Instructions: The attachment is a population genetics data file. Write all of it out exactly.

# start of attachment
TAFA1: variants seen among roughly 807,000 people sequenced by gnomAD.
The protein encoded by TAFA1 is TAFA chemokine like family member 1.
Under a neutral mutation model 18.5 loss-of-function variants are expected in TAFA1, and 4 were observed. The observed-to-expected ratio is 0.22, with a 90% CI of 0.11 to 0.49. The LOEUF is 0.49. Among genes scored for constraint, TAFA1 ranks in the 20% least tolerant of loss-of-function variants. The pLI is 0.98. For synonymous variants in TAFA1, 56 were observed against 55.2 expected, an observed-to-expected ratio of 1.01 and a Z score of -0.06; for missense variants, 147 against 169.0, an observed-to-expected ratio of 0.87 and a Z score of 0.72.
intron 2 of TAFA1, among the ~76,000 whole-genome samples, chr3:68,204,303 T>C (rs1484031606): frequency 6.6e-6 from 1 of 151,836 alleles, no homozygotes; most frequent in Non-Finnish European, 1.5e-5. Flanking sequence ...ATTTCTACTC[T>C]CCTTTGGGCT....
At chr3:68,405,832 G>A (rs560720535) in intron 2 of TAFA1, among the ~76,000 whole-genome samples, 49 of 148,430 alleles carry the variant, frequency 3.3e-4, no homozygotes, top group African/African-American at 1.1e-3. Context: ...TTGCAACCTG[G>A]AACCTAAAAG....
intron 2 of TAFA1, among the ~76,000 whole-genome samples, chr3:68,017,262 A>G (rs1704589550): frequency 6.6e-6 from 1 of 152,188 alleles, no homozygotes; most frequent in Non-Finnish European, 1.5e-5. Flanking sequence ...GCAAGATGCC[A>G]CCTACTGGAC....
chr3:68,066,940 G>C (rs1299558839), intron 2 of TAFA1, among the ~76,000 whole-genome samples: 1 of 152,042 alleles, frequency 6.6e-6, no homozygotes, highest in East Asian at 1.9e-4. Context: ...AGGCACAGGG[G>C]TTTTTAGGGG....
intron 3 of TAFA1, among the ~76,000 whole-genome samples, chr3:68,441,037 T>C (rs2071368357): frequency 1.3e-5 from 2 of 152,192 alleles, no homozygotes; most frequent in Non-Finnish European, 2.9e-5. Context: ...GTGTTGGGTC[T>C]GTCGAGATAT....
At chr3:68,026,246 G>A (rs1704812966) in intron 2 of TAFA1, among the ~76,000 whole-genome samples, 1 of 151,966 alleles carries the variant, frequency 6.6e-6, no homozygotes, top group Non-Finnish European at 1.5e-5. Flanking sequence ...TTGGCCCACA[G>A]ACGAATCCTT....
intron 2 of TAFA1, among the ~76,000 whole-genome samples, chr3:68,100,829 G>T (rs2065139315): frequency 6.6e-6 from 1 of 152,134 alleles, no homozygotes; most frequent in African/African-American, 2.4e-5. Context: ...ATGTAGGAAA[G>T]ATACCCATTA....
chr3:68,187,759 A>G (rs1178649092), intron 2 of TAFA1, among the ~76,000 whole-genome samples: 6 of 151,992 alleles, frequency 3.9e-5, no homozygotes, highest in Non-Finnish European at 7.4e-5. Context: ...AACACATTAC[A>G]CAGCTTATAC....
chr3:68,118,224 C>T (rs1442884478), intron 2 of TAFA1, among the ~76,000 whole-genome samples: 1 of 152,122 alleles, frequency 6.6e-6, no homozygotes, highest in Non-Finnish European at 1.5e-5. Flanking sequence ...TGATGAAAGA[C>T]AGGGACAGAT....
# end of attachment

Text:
TAFA1: variants seen among roughly 807,000 people sequenced by gnomAD.
The protein encoded by TAFA1 is TAFA chemokine like family member 1.
Under a neutral mutation model 18.5 loss-of-function variants are expected in TAFA1, and 4 were observed. The observed-to-expected ratio is 0.22, with a 90% CI of 0.11 to 0.49. The LOEUF is 0.49. Among genes scored for constraint, TAFA1 ranks in the 20% least tolerant of loss-of-function variants. The pLI is 0.98. For synonymous variants in TAFA1, 56 were observed against 55.2 expected, an observed-to-expected ratio of 1.01 and a Z score of -0.06; for missense variants, 147 against 169.0, an observed-to-expected ratio of 0.87 and a Z score of 0.72.
intron 2 of TAFA1, among the ~76,000 whole-genome samples, chr3:68,204,303 T>C (rs1484031606): frequency 6.6e-6 from 1 of 151,836 alleles, no homozygotes; most frequent in Non-Finnish European, 1.5e-5. Flanking sequence ...ATTTCTACTC[T>C]CCTTTGGGCT....
At chr3:68,405,832 G>A (rs560720535) in intron 2 of TAFA1, among the ~76,000 whole-genome samples, 49 of 148,430 alleles carry the variant, frequency 3.3e-4, no homozygotes, top group African/African-American at 1.1e-3. Context: ...TTGCAACCTG[G>A]AACCTAAAAG....
intron 2 of TAFA1, among the ~76,000 whole-genome samples, chr3:68,017,262 A>G (rs1704589550): frequency 6.6e-6 from 1 of 152,188 alleles, no homozygotes; most frequent in Non-Finnish European, 1.5e-5. Flanking sequence ...GCAAGATGCC[A>G]CCTACTGGAC....
chr3:68,066,940 G>C (rs1299558839), intron 2 of TAFA1, among the ~76,000 whole-genome samples: 1 of 152,042 alleles, frequency 6.6e-6, no homozygotes, highest in East Asian at 1.9e-4. Context: ...AGGCACAGGG[G>C]TTTTTAGGGG....
intron 3 of TAFA1, among the ~76,000 whole-genome samples, chr3:68,441,037 T>C (rs2071368357): frequency 1.3e-5 from 2 of 152,192 alleles, no homozygotes; most frequent in Non-Finnish European, 2.9e-5. Context: ...GTGTTGGGTC[T>C]GTCGAGATAT....
At chr3:68,026,246 G>A (rs1704812966) in intron 2 of TAFA1, among the ~76,000 whole-genome samples, 1 of 151,966 alleles carries the variant, frequency 6.6e-6, no homozygotes, top group Non-Finnish European at 1.5e-5. Flanking sequence ...TTGGCCCACA[G>A]ACGAATCCTT....
intron 2 of TAFA1, among the ~76,000 whole-genome samples, chr3:68,100,829 G>T (rs2065139315): frequency 6.6e-6 from 1 of 152,134 alleles, no homozygotes; most frequent in African/African-American, 2.4e-5. Context: ...ATGTAGGAAA[G>T]ATACCCATTA....
chr3:68,187,759 A>G (rs1178649092), intron 2 of TAFA1, among the ~76,000 whole-genome samples: 6 of 151,992 alleles, frequency 3.9e-5, no homozygotes, highest in Non-Finnish European at 7.4e-5. Context: ...AACACATTAC[A>G]CAGCTTATAC....
chr3:68,118,224 C>T (rs1442884478), intron 2 of TAFA1, among the ~76,000 whole-genome samples: 1 of 152,122 alleles, frequency 6.6e-6, no homozygotes, highest in Non-Finnish European at 1.5e-5. Flanking sequence ...TGATGAAAGA[C>T]AGGGACAGAT....